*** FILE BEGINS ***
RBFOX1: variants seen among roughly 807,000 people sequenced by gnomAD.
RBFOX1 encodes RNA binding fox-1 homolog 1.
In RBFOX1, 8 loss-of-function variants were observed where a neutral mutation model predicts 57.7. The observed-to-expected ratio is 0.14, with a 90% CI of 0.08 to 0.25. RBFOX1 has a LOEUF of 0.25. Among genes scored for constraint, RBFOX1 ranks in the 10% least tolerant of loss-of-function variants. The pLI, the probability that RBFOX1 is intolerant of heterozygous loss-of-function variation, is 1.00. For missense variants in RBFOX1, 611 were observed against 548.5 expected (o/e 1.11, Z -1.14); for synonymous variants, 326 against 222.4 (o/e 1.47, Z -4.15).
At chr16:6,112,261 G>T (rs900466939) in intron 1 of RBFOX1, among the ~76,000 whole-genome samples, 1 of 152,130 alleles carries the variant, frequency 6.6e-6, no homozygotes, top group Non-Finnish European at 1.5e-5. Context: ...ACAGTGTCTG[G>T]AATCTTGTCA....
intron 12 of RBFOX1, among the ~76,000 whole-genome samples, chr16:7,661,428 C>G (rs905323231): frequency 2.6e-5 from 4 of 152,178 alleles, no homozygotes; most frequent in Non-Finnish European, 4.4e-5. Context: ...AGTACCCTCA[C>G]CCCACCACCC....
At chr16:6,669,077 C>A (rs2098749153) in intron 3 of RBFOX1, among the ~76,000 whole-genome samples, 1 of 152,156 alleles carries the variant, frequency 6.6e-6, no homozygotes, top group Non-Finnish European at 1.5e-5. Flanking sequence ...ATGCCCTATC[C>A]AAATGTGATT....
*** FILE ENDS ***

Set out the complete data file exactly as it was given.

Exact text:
RBFOX1: variants seen among roughly 807,000 people sequenced by gnomAD.
RBFOX1 encodes RNA binding fox-1 homolog 1.
In RBFOX1, 8 loss-of-function variants were observed where a neutral mutation model predicts 57.7. The observed-to-expected ratio is 0.14, with a 90% CI of 0.08 to 0.25. RBFOX1 has a LOEUF of 0.25. Among genes scored for constraint, RBFOX1 ranks in the 10% least tolerant of loss-of-function variants. The pLI, the probability that RBFOX1 is intolerant of heterozygous loss-of-function variation, is 1.00. For missense variants in RBFOX1, 611 were observed against 548.5 expected (o/e 1.11, Z -1.14); for synonymous variants, 326 against 222.4 (o/e 1.47, Z -4.15).
At chr16:6,112,261 G>T (rs900466939) in intron 1 of RBFOX1, among the ~76,000 whole-genome samples, 1 of 152,130 alleles carries the variant, frequency 6.6e-6, no homozygotes, top group Non-Finnish European at 1.5e-5. Context: ...ACAGTGTCTG[G>T]AATCTTGTCA....
intron 12 of RBFOX1, among the ~76,000 whole-genome samples, chr16:7,661,428 C>G (rs905323231): frequency 2.6e-5 from 4 of 152,178 alleles, no homozygotes; most frequent in Non-Finnish European, 4.4e-5. Context: ...AGTACCCTCA[C>G]CCCACCACCC....
At chr16:6,669,077 C>A (rs2098749153) in intron 3 of RBFOX1, among the ~76,000 whole-genome samples, 1 of 152,156 alleles carries the variant, frequency 6.6e-6, no homozygotes, top group Non-Finnish European at 1.5e-5. Flanking sequence ...ATGCCCTATC[C>A]AAATGTGATT....